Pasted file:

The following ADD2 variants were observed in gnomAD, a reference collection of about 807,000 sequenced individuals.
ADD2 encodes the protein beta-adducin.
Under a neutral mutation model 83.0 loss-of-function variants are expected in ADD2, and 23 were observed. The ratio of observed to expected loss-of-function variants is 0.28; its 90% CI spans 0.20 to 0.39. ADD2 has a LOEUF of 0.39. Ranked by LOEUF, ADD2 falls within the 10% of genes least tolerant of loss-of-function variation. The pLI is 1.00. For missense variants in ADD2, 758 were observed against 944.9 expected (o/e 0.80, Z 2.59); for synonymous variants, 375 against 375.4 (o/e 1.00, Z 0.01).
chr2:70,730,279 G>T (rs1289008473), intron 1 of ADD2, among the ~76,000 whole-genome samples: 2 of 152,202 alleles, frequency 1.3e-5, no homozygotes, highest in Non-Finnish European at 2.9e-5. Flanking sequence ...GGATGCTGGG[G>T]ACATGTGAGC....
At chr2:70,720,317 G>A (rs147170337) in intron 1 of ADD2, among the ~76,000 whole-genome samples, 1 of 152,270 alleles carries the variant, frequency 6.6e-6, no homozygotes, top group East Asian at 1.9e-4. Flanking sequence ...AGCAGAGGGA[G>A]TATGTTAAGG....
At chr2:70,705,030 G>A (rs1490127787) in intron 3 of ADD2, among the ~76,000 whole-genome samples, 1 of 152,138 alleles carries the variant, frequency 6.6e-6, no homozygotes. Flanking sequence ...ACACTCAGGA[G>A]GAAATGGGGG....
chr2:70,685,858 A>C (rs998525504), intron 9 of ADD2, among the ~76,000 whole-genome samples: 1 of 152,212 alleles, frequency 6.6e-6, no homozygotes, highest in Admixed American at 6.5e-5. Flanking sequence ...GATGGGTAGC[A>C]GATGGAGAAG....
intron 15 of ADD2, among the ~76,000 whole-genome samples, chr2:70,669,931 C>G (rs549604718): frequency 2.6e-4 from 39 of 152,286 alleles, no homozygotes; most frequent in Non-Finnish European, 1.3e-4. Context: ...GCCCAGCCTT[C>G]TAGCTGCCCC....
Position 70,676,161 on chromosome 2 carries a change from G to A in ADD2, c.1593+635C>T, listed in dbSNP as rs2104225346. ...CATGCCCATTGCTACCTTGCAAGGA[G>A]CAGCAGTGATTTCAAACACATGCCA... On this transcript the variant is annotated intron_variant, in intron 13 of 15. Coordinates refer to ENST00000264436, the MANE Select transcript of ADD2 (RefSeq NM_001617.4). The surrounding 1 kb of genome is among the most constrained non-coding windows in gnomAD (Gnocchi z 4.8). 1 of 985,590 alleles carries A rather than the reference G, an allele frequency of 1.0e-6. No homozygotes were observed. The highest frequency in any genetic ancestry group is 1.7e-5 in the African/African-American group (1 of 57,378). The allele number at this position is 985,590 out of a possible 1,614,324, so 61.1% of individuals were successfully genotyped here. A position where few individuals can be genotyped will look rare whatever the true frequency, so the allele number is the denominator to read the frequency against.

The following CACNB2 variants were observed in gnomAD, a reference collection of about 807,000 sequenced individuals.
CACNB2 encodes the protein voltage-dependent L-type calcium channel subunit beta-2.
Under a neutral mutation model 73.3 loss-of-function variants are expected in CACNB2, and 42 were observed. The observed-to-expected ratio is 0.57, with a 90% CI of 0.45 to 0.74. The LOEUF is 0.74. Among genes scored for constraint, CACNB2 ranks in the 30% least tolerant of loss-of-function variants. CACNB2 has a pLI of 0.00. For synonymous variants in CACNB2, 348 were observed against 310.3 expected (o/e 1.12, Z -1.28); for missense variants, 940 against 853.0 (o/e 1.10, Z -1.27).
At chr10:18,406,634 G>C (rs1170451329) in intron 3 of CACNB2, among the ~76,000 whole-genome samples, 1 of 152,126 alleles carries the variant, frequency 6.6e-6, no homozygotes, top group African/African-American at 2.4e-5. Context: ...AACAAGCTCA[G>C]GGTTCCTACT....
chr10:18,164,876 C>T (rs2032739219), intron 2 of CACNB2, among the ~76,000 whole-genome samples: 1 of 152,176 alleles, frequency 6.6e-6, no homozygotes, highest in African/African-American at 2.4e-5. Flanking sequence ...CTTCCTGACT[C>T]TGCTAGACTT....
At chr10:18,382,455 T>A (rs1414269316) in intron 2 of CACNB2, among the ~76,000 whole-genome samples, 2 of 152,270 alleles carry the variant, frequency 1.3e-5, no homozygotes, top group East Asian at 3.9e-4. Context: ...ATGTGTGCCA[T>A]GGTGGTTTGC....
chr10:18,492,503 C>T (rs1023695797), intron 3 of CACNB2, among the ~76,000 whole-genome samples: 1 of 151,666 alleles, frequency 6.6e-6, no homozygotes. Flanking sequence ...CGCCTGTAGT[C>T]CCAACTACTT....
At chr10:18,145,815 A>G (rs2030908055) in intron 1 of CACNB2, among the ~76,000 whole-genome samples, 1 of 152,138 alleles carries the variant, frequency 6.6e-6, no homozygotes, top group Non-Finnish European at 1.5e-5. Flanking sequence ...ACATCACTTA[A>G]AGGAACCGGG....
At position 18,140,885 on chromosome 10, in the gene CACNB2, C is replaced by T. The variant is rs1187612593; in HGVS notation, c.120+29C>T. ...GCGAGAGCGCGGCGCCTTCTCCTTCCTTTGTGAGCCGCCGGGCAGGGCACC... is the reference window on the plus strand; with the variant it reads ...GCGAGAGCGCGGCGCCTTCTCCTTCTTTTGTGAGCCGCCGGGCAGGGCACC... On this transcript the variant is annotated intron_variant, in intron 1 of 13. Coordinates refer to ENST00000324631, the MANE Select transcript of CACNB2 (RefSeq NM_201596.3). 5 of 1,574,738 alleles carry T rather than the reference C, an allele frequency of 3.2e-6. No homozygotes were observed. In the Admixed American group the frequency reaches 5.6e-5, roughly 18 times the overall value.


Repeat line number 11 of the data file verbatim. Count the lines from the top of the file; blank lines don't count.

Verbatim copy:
CACNB2 encodes the protein voltage-dependent L-type calcium channel subunit beta-2.